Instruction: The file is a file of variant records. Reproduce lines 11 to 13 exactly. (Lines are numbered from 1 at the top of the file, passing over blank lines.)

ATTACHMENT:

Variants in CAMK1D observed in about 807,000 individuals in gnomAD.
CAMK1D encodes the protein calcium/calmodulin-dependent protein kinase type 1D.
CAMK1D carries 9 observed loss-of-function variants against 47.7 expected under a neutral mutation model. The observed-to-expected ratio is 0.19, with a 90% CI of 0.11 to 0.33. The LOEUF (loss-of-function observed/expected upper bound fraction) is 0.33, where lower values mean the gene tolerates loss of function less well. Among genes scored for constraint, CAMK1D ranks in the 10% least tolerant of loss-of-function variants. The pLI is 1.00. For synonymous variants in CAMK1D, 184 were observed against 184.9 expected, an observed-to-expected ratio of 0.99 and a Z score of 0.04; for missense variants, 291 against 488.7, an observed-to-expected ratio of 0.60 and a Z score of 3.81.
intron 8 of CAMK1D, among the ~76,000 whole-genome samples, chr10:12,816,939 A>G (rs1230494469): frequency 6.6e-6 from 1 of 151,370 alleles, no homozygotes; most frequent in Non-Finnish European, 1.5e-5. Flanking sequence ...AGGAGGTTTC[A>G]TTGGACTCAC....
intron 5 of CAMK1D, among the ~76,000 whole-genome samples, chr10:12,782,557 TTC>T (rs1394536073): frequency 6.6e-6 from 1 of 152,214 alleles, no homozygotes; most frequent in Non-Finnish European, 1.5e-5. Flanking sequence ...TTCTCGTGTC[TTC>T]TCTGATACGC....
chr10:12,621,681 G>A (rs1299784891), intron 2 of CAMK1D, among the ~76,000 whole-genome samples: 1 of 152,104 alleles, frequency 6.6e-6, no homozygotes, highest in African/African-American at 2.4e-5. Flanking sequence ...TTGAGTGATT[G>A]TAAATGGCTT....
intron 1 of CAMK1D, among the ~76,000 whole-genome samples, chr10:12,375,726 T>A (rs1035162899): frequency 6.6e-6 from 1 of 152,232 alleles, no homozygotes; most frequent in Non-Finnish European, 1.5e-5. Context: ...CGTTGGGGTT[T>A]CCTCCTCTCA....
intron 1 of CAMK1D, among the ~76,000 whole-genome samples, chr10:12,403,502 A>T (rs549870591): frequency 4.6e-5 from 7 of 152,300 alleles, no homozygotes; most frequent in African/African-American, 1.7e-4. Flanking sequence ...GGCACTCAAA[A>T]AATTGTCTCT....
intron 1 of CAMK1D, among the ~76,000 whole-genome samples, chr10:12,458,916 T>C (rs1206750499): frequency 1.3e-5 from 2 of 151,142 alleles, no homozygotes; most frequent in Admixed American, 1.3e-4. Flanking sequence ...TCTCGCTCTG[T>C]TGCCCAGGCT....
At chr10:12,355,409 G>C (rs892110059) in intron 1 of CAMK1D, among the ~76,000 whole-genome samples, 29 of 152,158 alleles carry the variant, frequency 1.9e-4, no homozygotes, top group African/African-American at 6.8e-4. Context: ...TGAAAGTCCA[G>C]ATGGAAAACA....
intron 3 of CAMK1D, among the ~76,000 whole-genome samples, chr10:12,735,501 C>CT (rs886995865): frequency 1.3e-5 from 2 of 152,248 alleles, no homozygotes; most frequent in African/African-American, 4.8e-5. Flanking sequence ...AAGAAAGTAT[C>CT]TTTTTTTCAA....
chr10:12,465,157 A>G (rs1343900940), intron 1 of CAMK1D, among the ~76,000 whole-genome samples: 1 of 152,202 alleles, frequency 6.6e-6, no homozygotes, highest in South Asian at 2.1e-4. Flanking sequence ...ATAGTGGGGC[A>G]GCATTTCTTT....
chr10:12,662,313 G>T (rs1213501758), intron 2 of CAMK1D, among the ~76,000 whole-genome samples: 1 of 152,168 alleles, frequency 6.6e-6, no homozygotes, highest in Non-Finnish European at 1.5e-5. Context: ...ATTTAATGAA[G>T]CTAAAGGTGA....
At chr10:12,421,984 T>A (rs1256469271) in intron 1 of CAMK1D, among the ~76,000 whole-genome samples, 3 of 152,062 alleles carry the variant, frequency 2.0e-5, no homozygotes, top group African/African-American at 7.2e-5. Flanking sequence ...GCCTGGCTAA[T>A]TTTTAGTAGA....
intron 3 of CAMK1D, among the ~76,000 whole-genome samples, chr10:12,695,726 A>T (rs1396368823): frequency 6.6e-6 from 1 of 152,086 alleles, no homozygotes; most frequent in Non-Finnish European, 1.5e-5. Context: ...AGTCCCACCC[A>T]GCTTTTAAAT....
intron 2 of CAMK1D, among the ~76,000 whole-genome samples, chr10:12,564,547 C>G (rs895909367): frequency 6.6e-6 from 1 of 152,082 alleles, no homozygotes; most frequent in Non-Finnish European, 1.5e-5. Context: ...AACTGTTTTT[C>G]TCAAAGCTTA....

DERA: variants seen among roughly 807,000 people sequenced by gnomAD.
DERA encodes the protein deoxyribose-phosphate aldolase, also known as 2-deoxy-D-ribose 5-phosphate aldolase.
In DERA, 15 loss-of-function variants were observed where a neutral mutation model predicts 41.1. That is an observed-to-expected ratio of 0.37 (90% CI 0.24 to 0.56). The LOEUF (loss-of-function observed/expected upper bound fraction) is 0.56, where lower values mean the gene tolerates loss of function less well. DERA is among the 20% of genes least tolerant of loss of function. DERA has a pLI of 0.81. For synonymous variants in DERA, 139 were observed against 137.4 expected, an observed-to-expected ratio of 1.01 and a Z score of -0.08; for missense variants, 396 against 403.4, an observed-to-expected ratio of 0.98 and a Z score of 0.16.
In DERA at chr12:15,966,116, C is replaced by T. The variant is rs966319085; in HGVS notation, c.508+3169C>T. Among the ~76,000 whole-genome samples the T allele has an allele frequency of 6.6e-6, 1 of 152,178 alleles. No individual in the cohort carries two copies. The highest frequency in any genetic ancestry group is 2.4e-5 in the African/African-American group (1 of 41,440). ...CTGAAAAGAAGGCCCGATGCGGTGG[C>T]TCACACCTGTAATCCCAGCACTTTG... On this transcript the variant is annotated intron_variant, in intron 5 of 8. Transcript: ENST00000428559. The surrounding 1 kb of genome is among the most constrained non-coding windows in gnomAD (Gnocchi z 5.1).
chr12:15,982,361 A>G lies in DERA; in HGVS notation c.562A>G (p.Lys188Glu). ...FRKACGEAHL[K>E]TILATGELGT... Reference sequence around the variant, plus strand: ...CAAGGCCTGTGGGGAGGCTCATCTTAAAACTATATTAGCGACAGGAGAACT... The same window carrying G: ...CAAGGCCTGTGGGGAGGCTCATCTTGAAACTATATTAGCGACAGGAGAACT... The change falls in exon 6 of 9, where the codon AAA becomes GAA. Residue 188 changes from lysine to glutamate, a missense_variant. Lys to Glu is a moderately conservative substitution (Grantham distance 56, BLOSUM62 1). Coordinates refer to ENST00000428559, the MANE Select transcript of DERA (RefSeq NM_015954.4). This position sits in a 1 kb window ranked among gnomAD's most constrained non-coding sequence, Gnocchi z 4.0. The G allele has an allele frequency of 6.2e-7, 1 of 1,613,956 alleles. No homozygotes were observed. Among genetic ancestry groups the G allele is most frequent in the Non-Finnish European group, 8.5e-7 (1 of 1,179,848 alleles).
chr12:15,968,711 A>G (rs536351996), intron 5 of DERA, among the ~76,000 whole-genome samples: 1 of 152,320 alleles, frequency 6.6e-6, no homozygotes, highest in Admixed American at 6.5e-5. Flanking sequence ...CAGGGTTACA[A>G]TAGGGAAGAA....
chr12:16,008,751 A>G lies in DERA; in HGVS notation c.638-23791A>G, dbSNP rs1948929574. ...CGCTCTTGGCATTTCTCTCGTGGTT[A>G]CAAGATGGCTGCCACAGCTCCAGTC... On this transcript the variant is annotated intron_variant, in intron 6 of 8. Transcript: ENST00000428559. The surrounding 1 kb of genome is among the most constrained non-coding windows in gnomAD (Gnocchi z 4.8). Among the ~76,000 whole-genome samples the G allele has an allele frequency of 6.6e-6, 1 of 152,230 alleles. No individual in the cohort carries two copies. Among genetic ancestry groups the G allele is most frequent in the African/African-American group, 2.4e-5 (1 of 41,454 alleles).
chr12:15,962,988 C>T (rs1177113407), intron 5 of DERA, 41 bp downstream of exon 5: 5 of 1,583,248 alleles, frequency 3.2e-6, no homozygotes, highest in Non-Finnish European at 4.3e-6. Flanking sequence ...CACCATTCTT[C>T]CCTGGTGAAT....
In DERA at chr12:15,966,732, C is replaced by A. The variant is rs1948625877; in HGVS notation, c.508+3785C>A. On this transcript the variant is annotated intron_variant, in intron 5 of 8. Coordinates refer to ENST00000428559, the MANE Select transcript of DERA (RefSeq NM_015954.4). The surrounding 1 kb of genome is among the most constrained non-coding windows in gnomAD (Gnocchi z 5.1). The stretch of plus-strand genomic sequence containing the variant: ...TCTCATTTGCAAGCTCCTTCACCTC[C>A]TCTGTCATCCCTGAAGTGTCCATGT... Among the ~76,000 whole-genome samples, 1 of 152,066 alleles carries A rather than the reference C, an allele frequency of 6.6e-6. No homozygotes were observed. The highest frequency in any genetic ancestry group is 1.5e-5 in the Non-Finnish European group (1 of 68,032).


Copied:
intron 3 of CAMK1D, among the ~76,000 whole-genome samples, chr10:12,735,501 C>CT (rs886995865): frequency 1.3e-5 from 2 of 152,248 alleles, no homozygotes; most frequent in African/African-American, 4.8e-5. Flanking sequence ...AAGAAAGTAT[C>CT]TTTTTTTCAA....
chr10:12,465,157 A>G (rs1343900940), intron 1 of CAMK1D, among the ~76,000 whole-genome samples: 1 of 152,202 alleles, frequency 6.6e-6, no homozygotes, highest in South Asian at 2.1e-4. Flanking sequence ...ATAGTGGGGC[A>G]GCATTTCTTT....
chr10:12,662,313 G>T (rs1213501758), intron 2 of CAMK1D, among the ~76,000 whole-genome samples: 1 of 152,168 alleles, frequency 6.6e-6, no homozygotes, highest in Non-Finnish European at 1.5e-5. Context: ...ATTTAATGAA[G>T]CTAAAGGTGA....